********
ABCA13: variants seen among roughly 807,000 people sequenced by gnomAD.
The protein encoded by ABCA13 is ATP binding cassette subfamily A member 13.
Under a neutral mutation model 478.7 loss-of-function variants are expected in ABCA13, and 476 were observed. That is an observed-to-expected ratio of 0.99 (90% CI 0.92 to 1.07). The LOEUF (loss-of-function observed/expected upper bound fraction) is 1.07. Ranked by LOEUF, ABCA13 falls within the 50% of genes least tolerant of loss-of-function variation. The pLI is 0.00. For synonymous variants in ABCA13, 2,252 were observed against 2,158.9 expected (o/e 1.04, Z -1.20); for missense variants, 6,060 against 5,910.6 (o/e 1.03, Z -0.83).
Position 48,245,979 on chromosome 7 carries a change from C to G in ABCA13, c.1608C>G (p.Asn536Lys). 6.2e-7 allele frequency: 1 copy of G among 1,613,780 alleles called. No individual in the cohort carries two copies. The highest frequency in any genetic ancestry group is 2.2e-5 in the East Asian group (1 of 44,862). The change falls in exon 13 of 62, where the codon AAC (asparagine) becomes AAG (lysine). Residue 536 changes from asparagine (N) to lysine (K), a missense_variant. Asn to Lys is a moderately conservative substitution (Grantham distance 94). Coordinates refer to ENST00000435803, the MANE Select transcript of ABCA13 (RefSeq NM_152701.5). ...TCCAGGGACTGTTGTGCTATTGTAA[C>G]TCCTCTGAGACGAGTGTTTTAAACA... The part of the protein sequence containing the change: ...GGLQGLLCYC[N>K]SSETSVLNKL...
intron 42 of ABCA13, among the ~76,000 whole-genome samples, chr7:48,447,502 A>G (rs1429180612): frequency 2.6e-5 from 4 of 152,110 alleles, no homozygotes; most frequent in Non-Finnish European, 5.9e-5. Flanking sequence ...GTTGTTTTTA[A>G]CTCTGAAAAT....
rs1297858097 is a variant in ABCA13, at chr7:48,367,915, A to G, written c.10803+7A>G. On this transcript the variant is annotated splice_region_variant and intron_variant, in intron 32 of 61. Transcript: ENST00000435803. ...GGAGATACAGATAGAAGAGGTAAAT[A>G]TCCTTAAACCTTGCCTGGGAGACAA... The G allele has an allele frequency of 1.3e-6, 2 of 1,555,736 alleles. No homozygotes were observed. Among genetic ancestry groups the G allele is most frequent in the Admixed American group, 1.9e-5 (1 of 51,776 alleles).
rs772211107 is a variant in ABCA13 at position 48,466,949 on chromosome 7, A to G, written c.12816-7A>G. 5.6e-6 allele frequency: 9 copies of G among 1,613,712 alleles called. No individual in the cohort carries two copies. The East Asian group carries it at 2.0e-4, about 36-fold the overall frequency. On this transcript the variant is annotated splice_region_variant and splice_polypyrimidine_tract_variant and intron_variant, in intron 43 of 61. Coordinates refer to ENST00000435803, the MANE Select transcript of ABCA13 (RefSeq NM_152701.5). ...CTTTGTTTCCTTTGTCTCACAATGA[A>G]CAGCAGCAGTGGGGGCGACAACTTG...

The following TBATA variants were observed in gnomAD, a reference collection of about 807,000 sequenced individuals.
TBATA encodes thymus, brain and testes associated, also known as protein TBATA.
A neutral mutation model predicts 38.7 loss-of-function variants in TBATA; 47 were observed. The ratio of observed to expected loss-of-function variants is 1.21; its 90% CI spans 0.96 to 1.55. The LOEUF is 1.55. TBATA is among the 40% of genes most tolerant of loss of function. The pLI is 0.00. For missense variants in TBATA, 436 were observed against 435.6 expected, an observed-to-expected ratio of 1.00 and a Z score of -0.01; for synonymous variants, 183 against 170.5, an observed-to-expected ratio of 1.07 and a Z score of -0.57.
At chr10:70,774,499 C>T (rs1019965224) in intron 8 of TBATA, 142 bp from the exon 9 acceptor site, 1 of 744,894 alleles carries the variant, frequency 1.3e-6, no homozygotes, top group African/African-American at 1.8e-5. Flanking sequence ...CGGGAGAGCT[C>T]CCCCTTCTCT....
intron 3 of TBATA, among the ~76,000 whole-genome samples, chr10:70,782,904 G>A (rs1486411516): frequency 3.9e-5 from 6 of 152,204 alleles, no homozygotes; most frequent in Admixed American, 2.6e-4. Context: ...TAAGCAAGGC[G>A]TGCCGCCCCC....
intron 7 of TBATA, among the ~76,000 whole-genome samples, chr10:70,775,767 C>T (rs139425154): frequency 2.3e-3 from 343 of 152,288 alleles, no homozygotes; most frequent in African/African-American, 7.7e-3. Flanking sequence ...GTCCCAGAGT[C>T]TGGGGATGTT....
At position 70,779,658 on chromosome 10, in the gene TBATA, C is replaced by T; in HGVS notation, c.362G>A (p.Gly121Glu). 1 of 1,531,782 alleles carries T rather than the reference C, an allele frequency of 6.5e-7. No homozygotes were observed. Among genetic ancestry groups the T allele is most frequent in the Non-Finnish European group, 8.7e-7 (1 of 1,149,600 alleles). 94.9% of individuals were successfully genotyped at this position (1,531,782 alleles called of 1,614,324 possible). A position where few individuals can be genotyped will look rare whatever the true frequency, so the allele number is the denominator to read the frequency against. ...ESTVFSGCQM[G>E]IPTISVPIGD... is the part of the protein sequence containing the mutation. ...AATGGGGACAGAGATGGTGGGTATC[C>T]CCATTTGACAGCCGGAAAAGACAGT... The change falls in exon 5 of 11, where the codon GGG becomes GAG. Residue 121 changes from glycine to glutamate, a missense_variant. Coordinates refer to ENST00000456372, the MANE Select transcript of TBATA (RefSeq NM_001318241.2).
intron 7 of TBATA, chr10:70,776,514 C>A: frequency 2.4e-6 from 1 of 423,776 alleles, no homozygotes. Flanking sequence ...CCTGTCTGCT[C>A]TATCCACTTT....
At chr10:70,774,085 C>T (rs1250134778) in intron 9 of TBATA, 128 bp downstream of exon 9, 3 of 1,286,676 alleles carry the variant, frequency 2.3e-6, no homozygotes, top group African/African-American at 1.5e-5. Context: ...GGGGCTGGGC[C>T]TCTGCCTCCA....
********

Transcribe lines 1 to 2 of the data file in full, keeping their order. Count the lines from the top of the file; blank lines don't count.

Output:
ABCA13: variants seen among roughly 807,000 people sequenced by gnomAD.
The protein encoded by ABCA13 is ATP binding cassette subfamily A member 13.